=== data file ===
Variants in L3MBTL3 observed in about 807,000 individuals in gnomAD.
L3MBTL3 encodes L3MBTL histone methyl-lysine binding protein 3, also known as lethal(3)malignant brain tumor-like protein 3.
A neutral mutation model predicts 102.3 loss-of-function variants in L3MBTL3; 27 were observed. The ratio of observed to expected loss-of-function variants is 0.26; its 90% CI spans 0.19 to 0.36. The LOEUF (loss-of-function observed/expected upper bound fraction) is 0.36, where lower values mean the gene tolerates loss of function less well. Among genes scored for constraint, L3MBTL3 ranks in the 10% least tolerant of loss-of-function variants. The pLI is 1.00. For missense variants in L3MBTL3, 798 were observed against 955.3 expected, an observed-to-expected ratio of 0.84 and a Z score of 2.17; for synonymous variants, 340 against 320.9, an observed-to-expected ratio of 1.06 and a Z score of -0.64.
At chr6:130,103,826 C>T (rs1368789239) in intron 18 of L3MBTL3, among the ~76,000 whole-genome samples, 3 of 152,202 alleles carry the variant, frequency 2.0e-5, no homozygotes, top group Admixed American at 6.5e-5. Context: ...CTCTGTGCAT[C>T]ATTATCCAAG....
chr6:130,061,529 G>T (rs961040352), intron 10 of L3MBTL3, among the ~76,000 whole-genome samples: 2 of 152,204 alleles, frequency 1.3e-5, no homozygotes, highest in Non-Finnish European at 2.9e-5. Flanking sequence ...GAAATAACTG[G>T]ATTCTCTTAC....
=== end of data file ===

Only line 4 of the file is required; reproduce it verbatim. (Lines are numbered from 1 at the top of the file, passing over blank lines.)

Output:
At chr6:130,103,826 C>T (rs1368789239) in intron 18 of L3MBTL3, among the ~76,000 whole-genome samples, 3 of 152,202 alleles carry the variant, frequency 2.0e-5, no homozygotes, top group Admixed American at 6.5e-5. Context: ...CTCTGTGCAT[C>T]ATTATCCAAG....